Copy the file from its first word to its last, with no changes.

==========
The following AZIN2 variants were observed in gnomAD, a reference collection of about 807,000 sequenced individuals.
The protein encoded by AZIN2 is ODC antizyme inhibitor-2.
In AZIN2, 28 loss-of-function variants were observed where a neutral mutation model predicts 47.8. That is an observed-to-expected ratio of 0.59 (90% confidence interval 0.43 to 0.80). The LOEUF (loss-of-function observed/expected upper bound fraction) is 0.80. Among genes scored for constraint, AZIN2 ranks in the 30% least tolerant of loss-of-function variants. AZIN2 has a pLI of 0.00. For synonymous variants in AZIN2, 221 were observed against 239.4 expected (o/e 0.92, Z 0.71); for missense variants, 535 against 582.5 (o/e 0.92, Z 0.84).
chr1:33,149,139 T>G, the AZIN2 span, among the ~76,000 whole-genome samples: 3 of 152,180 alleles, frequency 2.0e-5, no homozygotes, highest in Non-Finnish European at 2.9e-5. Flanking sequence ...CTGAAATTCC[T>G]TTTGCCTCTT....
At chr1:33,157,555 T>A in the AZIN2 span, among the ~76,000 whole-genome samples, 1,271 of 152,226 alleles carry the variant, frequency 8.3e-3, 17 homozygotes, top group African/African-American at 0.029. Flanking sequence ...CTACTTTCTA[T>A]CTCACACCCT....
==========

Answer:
The following AZIN2 variants were observed in gnomAD, a reference collection of about 807,000 sequenced individuals.
The protein encoded by AZIN2 is ODC antizyme inhibitor-2.
In AZIN2, 28 loss-of-function variants were observed where a neutral mutation model predicts 47.8. That is an observed-to-expected ratio of 0.59 (90% confidence interval 0.43 to 0.80). The LOEUF (loss-of-function observed/expected upper bound fraction) is 0.80. Among genes scored for constraint, AZIN2 ranks in the 30% least tolerant of loss-of-function variants. AZIN2 has a pLI of 0.00. For synonymous variants in AZIN2, 221 were observed against 239.4 expected (o/e 0.92, Z 0.71); for missense variants, 535 against 582.5 (o/e 0.92, Z 0.84).
chr1:33,149,139 T>G, the AZIN2 span, among the ~76,000 whole-genome samples: 3 of 152,180 alleles, frequency 2.0e-5, no homozygotes, highest in Non-Finnish European at 2.9e-5. Flanking sequence ...CTGAAATTCC[T>G]TTTGCCTCTT....
At chr1:33,157,555 T>A in the AZIN2 span, among the ~76,000 whole-genome samples, 1,271 of 152,226 alleles carry the variant, frequency 8.3e-3, 17 homozygotes, top group African/African-American at 0.029. Flanking sequence ...CTACTTTCTA[T>A]CTCACACCCT....